Acquiring Your Targets

This is where Twitter’s advertising platform really shines. There’s a ton of data Twitter has on their users and thus a ton of ways you can target potential audiences. First up, let’s setup our basic targeting criteria: • Locations: Think hard about your event’s reach when choosing locations. If it’s a local event, don’t venture too far from your home region. If you’re organizing a large event and expect traveling attendees, include as many regions and cities as your heart desires. target_losangelesGender: In most cases go with Any gender unless the event is targeted to a predominantly male or female audience. • Language: We recommend sticking to the native language used at your event. • Select devices & platforms: To maximize your reach, check off all devices. You can always limit at a later point. target_language_device Example: If I was organizing a social event in Albuquerque, I’d target that city and surrounding cities in the area. Next you’ll get to add additional targeting criteria. We’ll focus on keyword, follower, and interest targeting here: Keyword targeting: It’s time to speak your audience’s language. Brainstorm topics that potential attendees are using in every day conversation and narrow it down to specific keywords. You can add as many relevant keywords as you want. We recommend putting quotations around each keyword to match a particular phrase. You can also use hashtags and @usernames here as well. Example: If I was running a marketing conference, I’d target keywords such as “seo”, “content marketing”, and “lead generation”. Follower targeting: Who are the thought leaders for your type of event? If you know ‘em, add their Twitter usernames! Twitter will serve ads to all their followers and those with similar interests. Alternatively, you can target local news and event bloggers in your area. The idea is that influencers’ followers who are interested in stuff relevant to your event are likely to be interested in the event itself. target_rand Example: I’m planning a small music festival in New York. Thus, I’d add all the Twitter usernames of local music & culture publications as their followers are hungry for finding concerts & festivals to attend. Interest targeting: After grinding through keyword and follower targeting, you should have developed a solid idea on your audience’s interests. Twitter has a number of categories to choose from. Simply add the relevant ones.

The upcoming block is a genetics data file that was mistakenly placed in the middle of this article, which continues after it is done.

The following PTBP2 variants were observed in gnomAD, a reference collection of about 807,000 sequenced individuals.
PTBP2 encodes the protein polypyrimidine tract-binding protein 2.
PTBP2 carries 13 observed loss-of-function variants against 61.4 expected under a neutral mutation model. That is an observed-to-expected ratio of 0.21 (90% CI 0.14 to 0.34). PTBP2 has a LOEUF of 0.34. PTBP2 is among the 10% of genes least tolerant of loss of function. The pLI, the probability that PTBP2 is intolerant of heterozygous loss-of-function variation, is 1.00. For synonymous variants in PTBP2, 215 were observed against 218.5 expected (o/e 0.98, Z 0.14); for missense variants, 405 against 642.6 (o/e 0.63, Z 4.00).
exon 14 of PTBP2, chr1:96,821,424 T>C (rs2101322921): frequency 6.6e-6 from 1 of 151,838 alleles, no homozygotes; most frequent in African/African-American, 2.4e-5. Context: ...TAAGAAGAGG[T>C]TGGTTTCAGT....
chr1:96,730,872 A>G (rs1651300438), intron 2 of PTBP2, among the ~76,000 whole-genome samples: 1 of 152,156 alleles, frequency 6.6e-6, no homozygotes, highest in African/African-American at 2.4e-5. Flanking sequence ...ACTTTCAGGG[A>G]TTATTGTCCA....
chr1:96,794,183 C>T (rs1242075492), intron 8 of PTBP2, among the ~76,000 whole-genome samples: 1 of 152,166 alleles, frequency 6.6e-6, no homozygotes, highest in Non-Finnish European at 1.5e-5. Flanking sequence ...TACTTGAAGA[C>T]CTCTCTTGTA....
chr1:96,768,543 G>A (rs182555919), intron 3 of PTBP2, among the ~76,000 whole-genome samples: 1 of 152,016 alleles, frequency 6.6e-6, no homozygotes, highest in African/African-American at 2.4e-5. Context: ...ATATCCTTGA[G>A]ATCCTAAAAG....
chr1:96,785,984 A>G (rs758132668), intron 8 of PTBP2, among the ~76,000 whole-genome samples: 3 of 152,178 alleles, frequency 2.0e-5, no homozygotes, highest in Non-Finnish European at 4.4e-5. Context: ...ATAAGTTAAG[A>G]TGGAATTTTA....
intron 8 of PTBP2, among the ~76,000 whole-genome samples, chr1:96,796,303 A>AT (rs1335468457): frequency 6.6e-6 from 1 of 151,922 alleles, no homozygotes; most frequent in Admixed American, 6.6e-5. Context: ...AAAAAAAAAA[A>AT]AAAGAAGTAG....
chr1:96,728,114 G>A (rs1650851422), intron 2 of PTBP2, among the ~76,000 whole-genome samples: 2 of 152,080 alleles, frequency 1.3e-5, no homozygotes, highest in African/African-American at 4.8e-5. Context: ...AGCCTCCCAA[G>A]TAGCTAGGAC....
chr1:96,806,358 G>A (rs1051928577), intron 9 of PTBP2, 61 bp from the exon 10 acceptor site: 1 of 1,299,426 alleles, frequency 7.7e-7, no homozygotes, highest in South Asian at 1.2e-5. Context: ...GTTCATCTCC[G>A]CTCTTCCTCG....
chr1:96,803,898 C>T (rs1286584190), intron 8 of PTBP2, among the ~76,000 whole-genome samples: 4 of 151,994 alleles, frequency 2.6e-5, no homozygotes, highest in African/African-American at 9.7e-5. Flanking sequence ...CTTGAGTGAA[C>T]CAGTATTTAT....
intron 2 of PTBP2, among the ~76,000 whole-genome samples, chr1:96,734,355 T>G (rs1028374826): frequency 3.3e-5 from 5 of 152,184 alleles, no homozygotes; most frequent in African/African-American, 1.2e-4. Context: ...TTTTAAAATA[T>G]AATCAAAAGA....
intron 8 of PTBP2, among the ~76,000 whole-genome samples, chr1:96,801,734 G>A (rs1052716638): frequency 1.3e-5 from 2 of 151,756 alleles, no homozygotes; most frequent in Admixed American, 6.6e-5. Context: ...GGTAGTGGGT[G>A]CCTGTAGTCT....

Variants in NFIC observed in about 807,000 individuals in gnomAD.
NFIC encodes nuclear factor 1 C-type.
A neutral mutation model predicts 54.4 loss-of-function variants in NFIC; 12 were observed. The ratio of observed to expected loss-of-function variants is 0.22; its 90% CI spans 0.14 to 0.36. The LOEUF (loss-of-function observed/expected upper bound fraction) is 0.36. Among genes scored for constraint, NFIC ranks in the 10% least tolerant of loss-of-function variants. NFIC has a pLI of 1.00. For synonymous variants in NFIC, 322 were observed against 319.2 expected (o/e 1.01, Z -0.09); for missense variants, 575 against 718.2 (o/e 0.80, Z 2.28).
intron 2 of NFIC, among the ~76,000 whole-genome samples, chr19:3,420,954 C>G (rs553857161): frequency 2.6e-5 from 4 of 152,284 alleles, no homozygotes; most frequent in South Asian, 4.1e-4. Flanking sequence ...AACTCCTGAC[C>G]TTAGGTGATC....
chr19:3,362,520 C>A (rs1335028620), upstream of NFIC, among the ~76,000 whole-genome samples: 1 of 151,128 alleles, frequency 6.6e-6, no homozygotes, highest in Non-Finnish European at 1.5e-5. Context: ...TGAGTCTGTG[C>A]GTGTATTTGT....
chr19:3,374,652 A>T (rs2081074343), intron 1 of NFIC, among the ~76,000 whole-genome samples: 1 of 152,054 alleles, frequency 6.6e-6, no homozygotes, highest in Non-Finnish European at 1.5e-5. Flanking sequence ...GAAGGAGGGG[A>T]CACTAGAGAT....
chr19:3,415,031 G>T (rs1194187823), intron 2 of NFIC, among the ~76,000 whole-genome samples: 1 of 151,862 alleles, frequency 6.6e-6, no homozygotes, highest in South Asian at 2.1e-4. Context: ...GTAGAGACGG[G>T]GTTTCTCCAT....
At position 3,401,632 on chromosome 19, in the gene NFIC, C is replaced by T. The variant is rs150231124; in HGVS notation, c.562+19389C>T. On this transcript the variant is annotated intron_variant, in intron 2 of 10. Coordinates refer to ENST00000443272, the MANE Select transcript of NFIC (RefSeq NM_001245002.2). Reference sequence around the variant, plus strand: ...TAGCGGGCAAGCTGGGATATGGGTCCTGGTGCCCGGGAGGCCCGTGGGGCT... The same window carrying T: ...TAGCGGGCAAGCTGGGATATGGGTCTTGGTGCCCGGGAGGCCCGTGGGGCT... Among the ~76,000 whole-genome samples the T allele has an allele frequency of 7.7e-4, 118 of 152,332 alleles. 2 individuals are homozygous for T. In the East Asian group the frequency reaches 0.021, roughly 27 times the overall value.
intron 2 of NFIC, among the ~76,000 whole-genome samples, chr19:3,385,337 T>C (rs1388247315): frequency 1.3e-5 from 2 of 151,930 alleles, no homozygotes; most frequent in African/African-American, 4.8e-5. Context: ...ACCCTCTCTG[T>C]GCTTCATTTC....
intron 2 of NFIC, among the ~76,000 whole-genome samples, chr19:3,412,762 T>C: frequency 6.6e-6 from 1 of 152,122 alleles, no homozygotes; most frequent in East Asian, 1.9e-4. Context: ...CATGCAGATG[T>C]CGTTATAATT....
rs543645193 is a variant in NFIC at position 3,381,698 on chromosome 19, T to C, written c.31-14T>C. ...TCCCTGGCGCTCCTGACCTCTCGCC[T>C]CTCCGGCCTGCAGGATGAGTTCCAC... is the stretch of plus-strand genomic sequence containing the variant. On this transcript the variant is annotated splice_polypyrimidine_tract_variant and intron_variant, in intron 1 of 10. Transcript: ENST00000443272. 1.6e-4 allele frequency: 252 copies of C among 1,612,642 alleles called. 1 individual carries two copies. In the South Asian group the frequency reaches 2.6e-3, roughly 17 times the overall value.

Getting the Most Bang for Your Twitter Ad Bucks

We are at the finish line folks. One thing to note, you’ll only pay the first time a Twitter user clicks on a link or card within your tweet. Retweets, favorites, or replies are free of charge. budgetSet a daily maximum: We recommend starting off with spending $25-50 per day. This will give you plenty of impressions as long as your target audience is large enough. • Set a total budget: We recommend anywhere between $100-300 for your first campaign. You can adjust this at anytime. The concept here is to go with the test & learn approach. Check your campaign dashboard every day and make adjustments when needed. The dashboard will show a variety of metrics such as number of times users see your tweets and the cost-per click (CPC). Twitter gives you all the analytics needed to measure success.

Next Steps

Now you have a go-to resource for creating your Twitter Ads campaign. Boo-yah! We hope you found this post helpful and learned some actionable tactics. If any questions or thoughts pop up as you build your first campaign, leave a comment below and we’ll answer. One last thought: The average price per ticket on Ticketbud is about $43. Think about your ticket price when leveraging Twitter Advertising. On a $200 budget, you’ll only need to sell a handful of tickets to cover your costs. There’s a lot of opportunity here that few events are taking advantage of. Use the test & learn approach to make the most of your marketing dollars. Additional Links: Twitter Ads Success Stories Best Twitter Ad Practices How to Craft Perfect Posts (Scroll down for Twitter Best Practices)  ]]]]> ]]>